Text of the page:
[00:17:44] But we can check in with them. We can- like pregnant people or people with voices and you can say, Hey, how does this feel? How do these springs feel? Like, does this feel all right? We can help them with things, like if we're doing feet and straps and they happen to [00:18:00] be lying on a jump board or a pregnancy wedge, we can help them get the straps because they're hard to reach when you're propped up like that, you know. So we can be considerate of their needs without being afraid of them or thinking that they're a burden. Right?
[00:18:15] Another thing you can do that I think is kind of awesome is just teach the entire class prenatal friendly. Okay. We were going to do footwork on the reformer, but now we're going to do foot work standing with their hands on the foot bar. Awesome. Or we're going to do foot work on our side, or we're going to do foot work at the springboard or at the tower with, you know, hands in straps. Like we can do all of those things. It's totally fine. Um, we can be creative.
[00:18:42] I shared some of the modifications that I would give for people, but you know, bird dog in itself is not a villain. But we could do bird dog while other clients are doing swimming. We could do exercises like cat and cow or down stretch instead of swan, [00:19:00] so that they're getting that nice extension.
[00:19:02] Um, in terms of our isometric holds, if you are a teacher that likes to put holds in your foot work or holds in your long stretch, we just don't want our pregnant clients holding. So that could mean that they're flowing in and out of an exercise. So maybe instead of holding a plank, they're piking their hips up and finding like a downward facing dog shape and then going back into the plank instead of holding the plank. Maybe they're doing mountain climbers instead of holding the plank. For things like squats or footwork, instead of doing a hold, maybe we do pulses so that we don't get that, uh, change in blood pressure. You know, those are all things we can do.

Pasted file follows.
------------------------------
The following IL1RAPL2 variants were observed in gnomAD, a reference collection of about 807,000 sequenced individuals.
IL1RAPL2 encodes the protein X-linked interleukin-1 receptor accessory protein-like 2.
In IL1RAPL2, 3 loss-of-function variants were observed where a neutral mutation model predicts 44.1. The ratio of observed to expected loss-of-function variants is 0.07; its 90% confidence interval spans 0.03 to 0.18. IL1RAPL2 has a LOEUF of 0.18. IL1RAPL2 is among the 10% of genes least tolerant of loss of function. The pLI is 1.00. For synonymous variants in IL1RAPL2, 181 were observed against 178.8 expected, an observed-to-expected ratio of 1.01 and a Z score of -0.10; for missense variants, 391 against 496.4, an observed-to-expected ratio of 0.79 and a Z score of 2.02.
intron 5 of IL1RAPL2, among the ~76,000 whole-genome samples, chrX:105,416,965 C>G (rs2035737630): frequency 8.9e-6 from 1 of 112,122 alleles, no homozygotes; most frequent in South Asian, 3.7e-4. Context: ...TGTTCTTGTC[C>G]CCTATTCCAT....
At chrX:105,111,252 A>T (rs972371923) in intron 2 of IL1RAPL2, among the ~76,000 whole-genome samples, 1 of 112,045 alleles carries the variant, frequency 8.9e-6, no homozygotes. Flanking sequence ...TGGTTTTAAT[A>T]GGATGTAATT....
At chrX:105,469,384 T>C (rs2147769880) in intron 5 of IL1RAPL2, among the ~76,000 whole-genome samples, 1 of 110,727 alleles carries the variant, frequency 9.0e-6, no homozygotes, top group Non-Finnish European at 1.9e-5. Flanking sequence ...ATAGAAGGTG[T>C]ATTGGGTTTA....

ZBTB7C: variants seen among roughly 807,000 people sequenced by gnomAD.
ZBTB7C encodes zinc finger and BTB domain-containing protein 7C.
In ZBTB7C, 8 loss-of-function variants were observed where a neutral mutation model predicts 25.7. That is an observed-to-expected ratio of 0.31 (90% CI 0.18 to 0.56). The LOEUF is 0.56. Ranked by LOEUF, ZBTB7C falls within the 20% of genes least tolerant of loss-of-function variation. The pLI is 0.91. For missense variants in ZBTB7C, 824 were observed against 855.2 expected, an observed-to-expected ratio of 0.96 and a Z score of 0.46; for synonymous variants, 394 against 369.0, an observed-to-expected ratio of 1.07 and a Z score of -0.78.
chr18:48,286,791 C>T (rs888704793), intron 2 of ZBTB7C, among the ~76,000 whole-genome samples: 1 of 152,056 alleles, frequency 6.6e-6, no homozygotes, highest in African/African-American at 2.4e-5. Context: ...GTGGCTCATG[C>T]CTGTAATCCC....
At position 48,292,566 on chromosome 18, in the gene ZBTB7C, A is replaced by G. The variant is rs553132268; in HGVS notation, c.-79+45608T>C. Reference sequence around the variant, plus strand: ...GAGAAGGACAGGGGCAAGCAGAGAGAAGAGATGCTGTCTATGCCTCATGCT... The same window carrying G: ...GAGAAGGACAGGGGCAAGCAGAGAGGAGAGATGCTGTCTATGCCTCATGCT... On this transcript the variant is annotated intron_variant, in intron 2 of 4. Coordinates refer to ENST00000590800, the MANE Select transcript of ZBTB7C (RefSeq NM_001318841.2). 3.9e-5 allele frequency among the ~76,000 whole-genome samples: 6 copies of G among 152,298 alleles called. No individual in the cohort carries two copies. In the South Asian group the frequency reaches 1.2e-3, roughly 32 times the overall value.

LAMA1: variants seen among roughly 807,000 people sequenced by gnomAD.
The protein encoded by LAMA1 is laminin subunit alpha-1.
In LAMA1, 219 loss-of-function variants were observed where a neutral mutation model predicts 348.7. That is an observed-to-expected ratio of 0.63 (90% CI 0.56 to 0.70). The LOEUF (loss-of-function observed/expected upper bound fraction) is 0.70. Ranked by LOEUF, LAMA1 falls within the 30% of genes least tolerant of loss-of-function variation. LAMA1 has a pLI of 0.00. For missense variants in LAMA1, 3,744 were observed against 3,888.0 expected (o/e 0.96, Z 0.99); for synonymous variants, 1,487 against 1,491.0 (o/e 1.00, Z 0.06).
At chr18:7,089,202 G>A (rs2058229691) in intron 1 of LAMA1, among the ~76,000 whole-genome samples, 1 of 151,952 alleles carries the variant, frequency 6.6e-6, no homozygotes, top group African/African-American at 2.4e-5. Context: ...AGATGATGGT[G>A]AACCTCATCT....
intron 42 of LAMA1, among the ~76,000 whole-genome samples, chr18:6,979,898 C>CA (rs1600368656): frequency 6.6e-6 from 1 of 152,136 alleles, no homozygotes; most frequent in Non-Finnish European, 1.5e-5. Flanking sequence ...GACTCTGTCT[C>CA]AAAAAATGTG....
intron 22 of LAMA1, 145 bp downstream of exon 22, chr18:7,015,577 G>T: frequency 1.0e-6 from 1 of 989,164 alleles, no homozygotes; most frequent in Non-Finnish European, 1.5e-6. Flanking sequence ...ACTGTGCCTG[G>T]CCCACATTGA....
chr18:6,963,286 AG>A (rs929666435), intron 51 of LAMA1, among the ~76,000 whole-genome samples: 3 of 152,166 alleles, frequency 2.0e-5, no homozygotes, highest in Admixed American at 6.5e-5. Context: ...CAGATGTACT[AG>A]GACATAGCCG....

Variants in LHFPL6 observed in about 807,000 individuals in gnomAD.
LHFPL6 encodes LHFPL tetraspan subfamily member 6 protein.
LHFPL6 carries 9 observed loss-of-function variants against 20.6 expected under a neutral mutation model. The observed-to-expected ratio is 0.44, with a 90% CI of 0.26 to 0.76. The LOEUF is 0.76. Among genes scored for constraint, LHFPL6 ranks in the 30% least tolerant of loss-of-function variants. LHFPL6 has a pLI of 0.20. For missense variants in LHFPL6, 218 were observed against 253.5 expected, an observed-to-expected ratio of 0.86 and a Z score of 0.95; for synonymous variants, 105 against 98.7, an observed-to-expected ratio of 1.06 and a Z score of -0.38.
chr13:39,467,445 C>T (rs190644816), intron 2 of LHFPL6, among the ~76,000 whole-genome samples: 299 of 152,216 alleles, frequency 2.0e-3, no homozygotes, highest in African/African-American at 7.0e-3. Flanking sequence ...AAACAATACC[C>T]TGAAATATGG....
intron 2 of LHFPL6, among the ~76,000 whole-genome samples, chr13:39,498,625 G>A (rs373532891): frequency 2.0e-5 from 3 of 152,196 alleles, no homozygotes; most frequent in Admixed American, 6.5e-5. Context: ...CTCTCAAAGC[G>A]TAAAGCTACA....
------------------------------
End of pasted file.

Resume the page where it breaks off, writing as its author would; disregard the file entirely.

[00:19:39] Even inversions themselves are not the enemy. But if you think about where the resting position is in your inversion, if you were doing something like the rollover, I don't know, if you were, you're probably gonna rest lying flat on your back. The inverted shape is not an issue, but getting into the inverted shape might be an issue. So we just want to be mindful of [00:20:00] that.
[00:20:00] I think it's helpful to get comfortable working with pregnant people, or at least feel confident in what you're able to do with them and what you'd like to do with them. 'cause people have babies all the time. I feel like, like in waves, people have babies and it's so important that they do exercise. And if you can be a Pilates teacher that confidently works with pregnant people, there will always be pregnant people to teach.
[00:20:27] And I would say, you know, my knowledge of working with pregnant people, like I don't have pregnant clients all the time. Frequently, there will be a person in a group class who's like, oh, you know, and I'm six weeks pregnant. And you're like, awesome. I'm so glad you're here. You're in the right place. I know the guidelines. These are the guidelines. This is a safe class for you to take. You're going to have a great time. Something like that. I hope that this information helps you feel a bit more confident about working with [00:21:00] pregnant people, because that is the goal that you can work with all types of bodies all the time.
[00:21:06] I want to say a huge thank you to all my supporters on buy me a coffee. Thank you so much for continuing to contribute and be part of the community, especially while I was on hiatus. Big shout out to some new supporters, Yan, Allyson, Dayna, Mary Ann, Rebekah, and Kim. Thank you. Thank you. Thank you. I really look forward to this month's coffee chats. I hope that we're able to connect over coffee, and you can share what you're thinking about, what you're working on, and what you'd like to hear on the podcast. I really look forward to having that conversation monthly. If you want to be a part of that, definitely visit that Buy Me A Coffee page. And when you make a contribution, you can hang out with me and we'll talk Pilates, which is what we love to do.
[00:21:52] I hope you have a great couple of weeks and I'll talk to you then soon. [00:22:00]
[00:22:03] Thanks for listening to this week's chapter of Pilates Teachers' Manual, your guide to becoming a great Pilates teacher. Check out the podcast Instagram at @pilatesteachersmanual, and be sure to subscribe wherever you listen. For more Pilates goodness, check out my other podcast, Pilates Students' Manual, available everywhere you listen to podcasts. The adventure continues. Until next time.